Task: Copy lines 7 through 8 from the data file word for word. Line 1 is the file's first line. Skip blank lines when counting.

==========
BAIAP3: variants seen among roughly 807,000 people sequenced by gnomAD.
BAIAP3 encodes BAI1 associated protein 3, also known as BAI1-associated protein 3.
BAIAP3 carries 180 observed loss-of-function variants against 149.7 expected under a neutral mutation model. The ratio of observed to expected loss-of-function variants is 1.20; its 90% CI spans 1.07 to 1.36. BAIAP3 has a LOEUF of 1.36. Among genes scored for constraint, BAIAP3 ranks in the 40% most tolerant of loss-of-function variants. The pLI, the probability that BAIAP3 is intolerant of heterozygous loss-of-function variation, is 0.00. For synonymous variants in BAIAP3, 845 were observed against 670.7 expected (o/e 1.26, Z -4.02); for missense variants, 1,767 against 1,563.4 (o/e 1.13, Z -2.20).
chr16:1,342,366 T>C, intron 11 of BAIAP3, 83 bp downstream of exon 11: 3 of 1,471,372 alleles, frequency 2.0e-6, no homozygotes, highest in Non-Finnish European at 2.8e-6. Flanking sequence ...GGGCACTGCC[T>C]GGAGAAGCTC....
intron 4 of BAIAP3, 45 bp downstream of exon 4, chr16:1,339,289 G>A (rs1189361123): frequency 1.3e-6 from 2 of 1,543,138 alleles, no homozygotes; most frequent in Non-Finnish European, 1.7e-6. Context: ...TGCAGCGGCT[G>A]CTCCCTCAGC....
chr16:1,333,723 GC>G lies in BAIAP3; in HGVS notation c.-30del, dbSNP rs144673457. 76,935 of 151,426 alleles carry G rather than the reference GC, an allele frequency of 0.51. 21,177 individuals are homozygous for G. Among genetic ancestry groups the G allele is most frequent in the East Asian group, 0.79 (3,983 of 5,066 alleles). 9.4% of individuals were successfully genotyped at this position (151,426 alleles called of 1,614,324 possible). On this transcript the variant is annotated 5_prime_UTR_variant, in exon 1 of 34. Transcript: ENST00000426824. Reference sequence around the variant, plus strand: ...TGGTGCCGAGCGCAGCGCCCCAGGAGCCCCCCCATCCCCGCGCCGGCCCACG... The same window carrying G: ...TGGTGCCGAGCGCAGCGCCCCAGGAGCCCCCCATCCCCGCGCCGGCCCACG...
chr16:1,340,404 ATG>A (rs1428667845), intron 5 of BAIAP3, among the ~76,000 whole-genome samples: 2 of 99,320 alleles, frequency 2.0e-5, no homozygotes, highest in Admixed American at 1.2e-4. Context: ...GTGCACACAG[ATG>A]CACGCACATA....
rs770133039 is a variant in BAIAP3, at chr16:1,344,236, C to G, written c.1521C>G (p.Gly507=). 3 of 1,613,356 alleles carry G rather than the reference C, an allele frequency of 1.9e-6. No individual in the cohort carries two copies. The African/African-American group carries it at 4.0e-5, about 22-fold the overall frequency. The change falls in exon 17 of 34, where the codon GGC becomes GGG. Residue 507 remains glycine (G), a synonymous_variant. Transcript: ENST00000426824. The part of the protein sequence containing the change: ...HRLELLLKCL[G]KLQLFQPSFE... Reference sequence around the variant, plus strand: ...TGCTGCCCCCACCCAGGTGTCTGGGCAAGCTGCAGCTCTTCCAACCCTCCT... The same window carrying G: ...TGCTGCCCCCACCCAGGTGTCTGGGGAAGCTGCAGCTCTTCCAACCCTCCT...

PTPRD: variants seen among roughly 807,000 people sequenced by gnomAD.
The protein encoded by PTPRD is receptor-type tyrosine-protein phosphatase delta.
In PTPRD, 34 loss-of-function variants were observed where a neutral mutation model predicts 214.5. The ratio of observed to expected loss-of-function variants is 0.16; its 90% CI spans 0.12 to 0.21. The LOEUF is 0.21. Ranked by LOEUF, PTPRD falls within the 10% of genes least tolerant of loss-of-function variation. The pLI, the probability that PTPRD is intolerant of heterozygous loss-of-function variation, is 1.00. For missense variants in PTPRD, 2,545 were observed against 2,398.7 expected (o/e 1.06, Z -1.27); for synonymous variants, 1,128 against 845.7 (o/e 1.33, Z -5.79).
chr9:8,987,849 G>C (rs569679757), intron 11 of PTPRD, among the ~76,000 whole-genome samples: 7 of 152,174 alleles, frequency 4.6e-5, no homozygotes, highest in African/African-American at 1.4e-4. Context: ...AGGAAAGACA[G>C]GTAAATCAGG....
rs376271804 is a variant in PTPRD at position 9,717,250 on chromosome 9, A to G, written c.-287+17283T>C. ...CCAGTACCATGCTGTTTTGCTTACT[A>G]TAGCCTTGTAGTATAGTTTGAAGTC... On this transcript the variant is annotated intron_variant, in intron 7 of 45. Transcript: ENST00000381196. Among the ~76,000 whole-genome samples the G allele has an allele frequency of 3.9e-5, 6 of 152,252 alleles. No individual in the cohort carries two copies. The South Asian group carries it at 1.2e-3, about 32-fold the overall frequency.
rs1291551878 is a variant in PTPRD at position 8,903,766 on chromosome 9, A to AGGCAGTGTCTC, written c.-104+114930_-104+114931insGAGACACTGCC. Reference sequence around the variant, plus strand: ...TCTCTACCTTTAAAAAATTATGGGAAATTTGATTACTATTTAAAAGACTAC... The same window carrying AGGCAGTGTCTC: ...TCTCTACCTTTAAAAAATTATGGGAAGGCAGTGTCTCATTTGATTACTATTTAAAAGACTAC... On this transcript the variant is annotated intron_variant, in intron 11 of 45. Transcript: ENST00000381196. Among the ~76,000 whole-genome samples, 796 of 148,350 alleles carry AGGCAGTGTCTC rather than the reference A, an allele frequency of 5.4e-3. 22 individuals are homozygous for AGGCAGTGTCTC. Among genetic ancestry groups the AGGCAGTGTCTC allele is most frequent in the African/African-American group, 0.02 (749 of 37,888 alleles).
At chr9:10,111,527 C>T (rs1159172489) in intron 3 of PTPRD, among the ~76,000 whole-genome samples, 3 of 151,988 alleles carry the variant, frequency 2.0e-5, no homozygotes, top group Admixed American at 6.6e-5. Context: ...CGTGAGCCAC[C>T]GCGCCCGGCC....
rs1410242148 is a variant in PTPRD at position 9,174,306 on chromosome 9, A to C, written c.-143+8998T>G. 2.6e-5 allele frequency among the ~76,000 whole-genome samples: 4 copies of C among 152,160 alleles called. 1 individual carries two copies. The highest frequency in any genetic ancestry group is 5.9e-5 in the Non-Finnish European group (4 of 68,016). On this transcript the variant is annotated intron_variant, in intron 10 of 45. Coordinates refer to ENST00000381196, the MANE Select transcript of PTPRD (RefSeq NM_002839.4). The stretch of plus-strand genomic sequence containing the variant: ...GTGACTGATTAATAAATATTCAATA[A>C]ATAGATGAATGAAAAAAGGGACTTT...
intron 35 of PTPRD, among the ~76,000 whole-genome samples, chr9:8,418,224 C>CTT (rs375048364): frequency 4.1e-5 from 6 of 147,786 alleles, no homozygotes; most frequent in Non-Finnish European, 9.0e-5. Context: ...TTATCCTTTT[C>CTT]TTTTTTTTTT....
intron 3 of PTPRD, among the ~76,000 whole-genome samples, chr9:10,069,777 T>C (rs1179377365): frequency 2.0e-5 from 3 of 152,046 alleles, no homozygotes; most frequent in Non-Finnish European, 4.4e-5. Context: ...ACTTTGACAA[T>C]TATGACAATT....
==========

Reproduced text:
chr16:1,340,404 ATG>A (rs1428667845), intron 5 of BAIAP3, among the ~76,000 whole-genome samples: 2 of 99,320 alleles, frequency 2.0e-5, no homozygotes, highest in Admixed American at 1.2e-4. Context: ...GTGCACACAG[ATG>A]CACGCACATA....
rs770133039 is a variant in BAIAP3, at chr16:1,344,236, C to G, written c.1521C>G (p.Gly507=). 3 of 1,613,356 alleles carry G rather than the reference C, an allele frequency of 1.9e-6. No individual in the cohort carries two copies. The African/African-American group carries it at 4.0e-5, about 22-fold the overall frequency. The change falls in exon 17 of 34, where the codon GGC becomes GGG. Residue 507 remains glycine (G), a synonymous_variant. Transcript: ENST00000426824. The part of the protein sequence containing the change: ...HRLELLLKCL[G]KLQLFQPSFE... Reference sequence around the variant, plus strand: ...TGCTGCCCCCACCCAGGTGTCTGGGCAAGCTGCAGCTCTTCCAACCCTCCT... The same window carrying G: ...TGCTGCCCCCACCCAGGTGTCTGGGGAAGCTGCAGCTCTTCCAACCCTCCT...